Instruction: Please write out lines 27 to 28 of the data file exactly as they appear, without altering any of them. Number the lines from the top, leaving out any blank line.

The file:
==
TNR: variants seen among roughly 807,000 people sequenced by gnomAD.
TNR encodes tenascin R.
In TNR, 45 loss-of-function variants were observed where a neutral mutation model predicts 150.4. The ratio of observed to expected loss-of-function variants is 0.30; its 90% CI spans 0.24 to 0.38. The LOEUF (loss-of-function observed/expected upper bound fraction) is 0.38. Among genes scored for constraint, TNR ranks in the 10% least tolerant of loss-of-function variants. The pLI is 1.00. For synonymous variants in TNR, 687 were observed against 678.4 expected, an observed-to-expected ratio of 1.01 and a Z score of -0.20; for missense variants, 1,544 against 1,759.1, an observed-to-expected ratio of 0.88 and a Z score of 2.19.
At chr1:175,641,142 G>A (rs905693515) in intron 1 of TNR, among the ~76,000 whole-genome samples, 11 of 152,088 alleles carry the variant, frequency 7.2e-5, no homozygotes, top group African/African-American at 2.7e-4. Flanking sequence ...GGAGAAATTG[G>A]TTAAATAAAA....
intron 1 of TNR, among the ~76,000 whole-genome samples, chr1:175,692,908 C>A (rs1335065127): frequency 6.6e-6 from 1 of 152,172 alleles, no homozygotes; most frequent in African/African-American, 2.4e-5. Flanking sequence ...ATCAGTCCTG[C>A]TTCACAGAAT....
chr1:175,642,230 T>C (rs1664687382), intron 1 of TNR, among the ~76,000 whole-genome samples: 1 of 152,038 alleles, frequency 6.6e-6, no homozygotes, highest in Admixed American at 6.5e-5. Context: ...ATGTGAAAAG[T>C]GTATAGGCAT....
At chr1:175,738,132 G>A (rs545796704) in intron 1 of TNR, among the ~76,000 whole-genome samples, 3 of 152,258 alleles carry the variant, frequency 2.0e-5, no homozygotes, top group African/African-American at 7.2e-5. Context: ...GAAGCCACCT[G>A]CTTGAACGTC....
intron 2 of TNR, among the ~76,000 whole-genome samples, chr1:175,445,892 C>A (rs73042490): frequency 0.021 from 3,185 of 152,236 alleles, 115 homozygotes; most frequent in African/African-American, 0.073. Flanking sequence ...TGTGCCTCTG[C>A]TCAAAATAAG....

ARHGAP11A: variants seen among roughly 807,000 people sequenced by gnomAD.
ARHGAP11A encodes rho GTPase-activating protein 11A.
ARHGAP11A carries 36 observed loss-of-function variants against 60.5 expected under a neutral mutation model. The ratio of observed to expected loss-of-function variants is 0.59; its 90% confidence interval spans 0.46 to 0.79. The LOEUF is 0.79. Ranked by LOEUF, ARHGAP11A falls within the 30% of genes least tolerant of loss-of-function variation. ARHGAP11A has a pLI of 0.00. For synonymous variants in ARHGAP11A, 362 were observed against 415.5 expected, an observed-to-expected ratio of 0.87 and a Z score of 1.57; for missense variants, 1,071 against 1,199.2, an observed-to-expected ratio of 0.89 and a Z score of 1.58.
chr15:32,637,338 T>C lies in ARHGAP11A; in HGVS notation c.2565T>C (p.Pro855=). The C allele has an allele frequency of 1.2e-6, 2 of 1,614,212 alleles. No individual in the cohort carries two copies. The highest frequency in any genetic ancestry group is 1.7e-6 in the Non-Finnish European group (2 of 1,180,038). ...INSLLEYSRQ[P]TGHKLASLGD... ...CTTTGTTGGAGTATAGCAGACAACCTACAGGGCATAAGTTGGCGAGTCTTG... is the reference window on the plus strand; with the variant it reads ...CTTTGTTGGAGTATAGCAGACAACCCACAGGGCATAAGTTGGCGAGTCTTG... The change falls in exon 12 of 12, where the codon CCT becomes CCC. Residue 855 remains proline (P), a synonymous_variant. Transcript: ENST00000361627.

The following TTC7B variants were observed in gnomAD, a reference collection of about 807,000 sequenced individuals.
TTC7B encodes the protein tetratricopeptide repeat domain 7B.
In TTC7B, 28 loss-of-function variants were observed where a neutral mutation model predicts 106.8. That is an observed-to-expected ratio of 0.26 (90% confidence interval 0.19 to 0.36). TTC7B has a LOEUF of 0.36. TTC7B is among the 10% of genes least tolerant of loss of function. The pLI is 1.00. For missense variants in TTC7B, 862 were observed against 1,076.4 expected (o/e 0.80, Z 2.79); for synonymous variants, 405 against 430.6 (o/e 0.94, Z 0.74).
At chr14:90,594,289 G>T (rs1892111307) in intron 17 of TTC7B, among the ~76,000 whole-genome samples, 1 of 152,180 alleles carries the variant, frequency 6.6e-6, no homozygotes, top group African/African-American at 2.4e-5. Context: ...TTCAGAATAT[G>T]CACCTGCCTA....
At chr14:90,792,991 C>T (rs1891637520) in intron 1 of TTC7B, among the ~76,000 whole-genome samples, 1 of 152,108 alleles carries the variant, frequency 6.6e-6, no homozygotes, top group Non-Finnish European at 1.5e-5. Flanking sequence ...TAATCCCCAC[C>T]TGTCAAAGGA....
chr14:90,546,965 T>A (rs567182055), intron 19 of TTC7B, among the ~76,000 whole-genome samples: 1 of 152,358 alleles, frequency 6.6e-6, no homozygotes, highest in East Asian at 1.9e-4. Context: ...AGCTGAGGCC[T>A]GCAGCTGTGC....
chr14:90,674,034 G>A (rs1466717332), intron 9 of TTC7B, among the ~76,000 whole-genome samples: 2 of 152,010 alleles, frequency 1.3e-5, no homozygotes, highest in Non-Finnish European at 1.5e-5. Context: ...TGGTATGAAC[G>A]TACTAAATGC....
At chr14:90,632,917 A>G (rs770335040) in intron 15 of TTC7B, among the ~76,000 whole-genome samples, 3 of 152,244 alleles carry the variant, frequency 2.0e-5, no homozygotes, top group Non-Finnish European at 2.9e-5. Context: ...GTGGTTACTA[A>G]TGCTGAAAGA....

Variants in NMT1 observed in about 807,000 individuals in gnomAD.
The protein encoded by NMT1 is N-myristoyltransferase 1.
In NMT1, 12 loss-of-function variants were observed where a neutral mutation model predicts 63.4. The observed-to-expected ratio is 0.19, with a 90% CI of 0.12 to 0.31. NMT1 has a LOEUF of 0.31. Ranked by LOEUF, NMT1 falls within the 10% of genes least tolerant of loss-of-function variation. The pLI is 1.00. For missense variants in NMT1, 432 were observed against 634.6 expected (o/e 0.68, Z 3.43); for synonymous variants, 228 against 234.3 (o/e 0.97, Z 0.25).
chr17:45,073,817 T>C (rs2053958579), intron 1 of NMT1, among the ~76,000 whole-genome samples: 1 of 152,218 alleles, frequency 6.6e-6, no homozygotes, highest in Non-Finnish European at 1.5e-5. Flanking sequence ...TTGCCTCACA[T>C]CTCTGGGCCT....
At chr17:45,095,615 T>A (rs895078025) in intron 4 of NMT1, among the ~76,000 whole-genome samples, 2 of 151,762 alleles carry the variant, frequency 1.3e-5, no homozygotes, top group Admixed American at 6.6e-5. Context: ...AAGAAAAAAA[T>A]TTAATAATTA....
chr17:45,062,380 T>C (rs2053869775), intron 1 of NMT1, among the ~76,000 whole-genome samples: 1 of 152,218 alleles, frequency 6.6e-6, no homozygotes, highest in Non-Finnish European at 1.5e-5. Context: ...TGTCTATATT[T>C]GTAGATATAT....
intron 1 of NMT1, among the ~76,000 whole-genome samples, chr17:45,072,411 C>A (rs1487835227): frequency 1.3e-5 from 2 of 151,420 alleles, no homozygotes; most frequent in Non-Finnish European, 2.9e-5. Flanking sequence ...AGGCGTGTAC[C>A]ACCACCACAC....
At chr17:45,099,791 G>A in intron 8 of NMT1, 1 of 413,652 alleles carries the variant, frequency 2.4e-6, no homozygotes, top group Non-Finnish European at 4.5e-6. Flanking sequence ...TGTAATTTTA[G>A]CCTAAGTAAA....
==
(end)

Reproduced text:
intron 1 of NMT1, among the ~76,000 whole-genome samples, chr17:45,072,411 C>A (rs1487835227): frequency 1.3e-5 from 2 of 151,420 alleles, no homozygotes; most frequent in Non-Finnish European, 2.9e-5. Flanking sequence ...AGGCGTGTAC[C>A]ACCACCACAC....
At chr17:45,099,791 G>A in intron 8 of NMT1, 1 of 413,652 alleles carries the variant, frequency 2.4e-6, no homozygotes, top group Non-Finnish European at 4.5e-6. Flanking sequence ...TGTAATTTTA[G>A]CCTAAGTAAA....